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Medication-related Medical Emergency Team activations: a case review study of frequency and preventability
  1. Bianca J Levkovich1,2,
  2. Judit Orosz3,
  3. Gordon Bingham4,
  4. D James Cooper3,5,
  5. Michael Dooley1,2,
  6. Carl Kirkpatrick1,
  7. Daryl A Jones5,6
  1. 1 Centre for Medicines Use and Safety, Monash University, Clayton, Victoria, Australia
  2. 2 Pharmacy, Alfred Health, Melbourne, Victoria, Australia
  3. 3 Department of Intensive Care and Hyperbaric Medicine, The Alfred, Melbourne, Victoria, Australia
  4. 4 Alfred Health, Melbourne, Victoria, Australia
  5. 5 Australia and New Zealand Intensive Care Research Centre, Monash University, Clayton, Victoria, Australia
  6. 6 Intensive Care Unit, Austin Hospital, Heidelberg, Victoria, Australia
  1. Correspondence to Dr Bianca J Levkovich, Centre for Medicines Use and Safety, Monash University, Clayton, VIC 3052, Australia; bianca.levkovich{at}


Objectives Despite recognition of clinical deterioration and medication-related harm as patient safety risks, the frequency of medication-related Rapid Response System activations is undefined. We aimed to estimate the incidence and preventability of medication-related Medical Emergency Team (MET) activations and describe the associated adverse medication events.

Methods A case review study of consecutive MET activations at two acute, academic teaching hospitals in Melbourne, Australia with mature Rapid Response Systems was conducted. All MET activations during a 3-week study period were assessed for a medication cause including identification of the contributing adverse medication event and its preventability, using validated tools and recognised classification systems.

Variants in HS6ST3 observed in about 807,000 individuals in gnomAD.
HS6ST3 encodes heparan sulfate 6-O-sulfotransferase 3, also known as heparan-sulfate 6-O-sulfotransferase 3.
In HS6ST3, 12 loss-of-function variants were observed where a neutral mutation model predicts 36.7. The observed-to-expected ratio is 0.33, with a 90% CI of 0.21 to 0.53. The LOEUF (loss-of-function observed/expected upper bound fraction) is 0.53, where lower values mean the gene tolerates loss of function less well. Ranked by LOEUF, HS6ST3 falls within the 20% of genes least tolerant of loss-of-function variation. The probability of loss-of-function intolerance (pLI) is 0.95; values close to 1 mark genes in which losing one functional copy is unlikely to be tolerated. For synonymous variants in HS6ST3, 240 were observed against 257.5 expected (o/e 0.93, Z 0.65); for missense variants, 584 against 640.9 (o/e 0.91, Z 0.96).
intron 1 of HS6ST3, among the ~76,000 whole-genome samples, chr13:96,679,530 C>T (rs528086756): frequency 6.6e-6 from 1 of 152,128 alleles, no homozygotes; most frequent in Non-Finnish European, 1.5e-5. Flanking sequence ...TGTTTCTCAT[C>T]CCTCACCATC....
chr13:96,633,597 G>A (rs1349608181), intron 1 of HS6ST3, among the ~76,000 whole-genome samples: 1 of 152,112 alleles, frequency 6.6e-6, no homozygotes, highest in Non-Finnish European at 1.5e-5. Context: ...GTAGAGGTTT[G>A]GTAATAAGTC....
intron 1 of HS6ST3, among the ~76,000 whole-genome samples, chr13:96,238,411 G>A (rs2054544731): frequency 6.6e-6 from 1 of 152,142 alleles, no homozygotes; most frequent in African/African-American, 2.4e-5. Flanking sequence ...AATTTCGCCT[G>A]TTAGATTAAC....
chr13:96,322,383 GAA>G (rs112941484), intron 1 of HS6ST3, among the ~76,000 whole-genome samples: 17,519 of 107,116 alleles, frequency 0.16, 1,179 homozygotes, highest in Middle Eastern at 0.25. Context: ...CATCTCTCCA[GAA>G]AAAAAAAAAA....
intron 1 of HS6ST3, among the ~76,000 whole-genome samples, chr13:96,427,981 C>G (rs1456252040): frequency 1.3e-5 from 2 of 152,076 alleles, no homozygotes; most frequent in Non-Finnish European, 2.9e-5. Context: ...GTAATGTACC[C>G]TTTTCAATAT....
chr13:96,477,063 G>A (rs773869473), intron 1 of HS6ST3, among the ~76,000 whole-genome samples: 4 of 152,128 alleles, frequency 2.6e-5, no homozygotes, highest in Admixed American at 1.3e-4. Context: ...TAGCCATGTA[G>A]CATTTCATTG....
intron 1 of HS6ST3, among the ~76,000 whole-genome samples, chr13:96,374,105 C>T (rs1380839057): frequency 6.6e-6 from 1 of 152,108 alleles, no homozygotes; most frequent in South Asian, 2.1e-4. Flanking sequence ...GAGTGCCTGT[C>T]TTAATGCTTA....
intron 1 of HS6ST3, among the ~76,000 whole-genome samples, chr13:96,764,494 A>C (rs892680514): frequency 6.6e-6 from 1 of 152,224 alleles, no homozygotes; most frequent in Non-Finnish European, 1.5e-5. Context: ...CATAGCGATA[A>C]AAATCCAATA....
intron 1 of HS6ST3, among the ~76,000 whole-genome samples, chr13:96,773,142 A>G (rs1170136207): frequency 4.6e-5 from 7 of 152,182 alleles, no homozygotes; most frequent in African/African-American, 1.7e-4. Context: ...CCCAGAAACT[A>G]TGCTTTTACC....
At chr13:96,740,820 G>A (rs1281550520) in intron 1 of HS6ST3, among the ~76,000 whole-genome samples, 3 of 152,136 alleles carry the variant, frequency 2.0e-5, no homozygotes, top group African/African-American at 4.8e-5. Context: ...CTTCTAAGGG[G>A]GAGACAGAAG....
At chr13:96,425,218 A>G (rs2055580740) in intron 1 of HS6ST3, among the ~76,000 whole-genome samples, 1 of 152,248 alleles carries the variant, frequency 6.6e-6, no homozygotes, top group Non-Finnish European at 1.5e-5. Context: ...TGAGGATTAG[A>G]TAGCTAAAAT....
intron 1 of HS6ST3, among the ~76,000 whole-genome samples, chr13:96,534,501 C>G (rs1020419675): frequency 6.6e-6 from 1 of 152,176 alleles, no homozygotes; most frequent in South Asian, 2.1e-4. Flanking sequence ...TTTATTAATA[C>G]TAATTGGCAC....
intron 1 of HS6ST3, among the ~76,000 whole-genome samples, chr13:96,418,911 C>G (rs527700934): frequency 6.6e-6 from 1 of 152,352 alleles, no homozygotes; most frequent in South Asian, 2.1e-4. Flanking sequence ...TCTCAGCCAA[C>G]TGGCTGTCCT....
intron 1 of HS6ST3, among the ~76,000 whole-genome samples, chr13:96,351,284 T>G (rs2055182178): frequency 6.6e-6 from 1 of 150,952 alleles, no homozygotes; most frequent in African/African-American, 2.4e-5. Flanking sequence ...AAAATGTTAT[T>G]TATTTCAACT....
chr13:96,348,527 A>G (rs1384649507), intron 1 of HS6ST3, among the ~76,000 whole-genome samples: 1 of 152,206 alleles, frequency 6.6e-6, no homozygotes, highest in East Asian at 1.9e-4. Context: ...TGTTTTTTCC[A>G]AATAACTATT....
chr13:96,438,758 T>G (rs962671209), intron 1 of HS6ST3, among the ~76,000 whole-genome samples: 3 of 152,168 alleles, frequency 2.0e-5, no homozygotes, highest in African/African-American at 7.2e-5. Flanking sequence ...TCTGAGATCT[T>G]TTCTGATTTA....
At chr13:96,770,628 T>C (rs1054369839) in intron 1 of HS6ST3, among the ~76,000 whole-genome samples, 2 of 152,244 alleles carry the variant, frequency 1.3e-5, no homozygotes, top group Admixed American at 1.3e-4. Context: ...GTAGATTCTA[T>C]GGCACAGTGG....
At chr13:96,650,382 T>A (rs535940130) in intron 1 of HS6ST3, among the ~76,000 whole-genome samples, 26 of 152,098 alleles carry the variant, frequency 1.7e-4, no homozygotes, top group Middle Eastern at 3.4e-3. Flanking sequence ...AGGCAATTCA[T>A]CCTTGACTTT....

Results There were 9439 admissions and 628 MET activations during the study period. Of these, 146 (23.2%) MET activations were medication related: an incidence of 15.5 medication-related MET activation per 1000 admissions. Medication-related MET activations occurred a median of 46.6 hours earlier (IQR 22–165) in an admission than non-medication-related activations (p=0.001). Furthermore, this group also had more repeat MET activations during their admission (p=0.021, OR=1.68, 95% CI 1.09 to 2.59). A total of 92 of 146 (63%) medication-related MET activations were potentially preventable. Tachycardia due to omission of beta-blocking agents (10.9%, n=10 of 92) and hypotension due to cumulative toxicity (9.8%, n=9 of 92) or inappropriate use (10.9%, n=10 of 92) of antihypertensives were the most common adverse medication events leading to potentially preventable medication-related MET activations.

Conclusions Medications contributed to almost a quarter of MET activations, often early in a patient’s admission. One in seven MET activations were due to potentially preventable adverse medication events. The most common of these were omission of beta-blockers and clinically inappropriate antihypertensive use. Strategies to prevent these events would increase patient safety and reduce burden on the MET.

  • Patient safety
  • Adverse events, epidemiology and detection
  • Hospital medicine
  • Medical emergency team
  • Medication safety

Data availability statement

No data are available. Not applicable.

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  • Contributors All authors have made substantial contributions to the planning and conduct of this study and drafting and revision of the manuscript. Bianca J Levkovich is the guarantor of the study.

  • Funding BIanca J Levkovich was supported by an Australian Government Research Training Programme Scholarship. D James Cooper was supported by an Australian National Health and Medical Research Council Practitioner.

  • Competing interests None declared.

  • Provenance and peer review Not commissioned; externally peer reviewed.

  • Supplemental material This content has been supplied by the author(s). It has not been vetted by BMJ Publishing Group Limited (BMJ) and may not have been peer-reviewed. Any opinions or recommendations discussed are solely those of the author(s) and are not endorsed by BMJ. BMJ disclaims all liability and responsibility arising from any reliance placed on the content. Where the content includes any translated material, BMJ does not warrant the accuracy and reliability of the translations (including but not limited to local regulations, clinical guidelines, terminology, drug names and drug dosages), and is not responsible for any error and/or omissions arising from translation and adaptation or otherwise.

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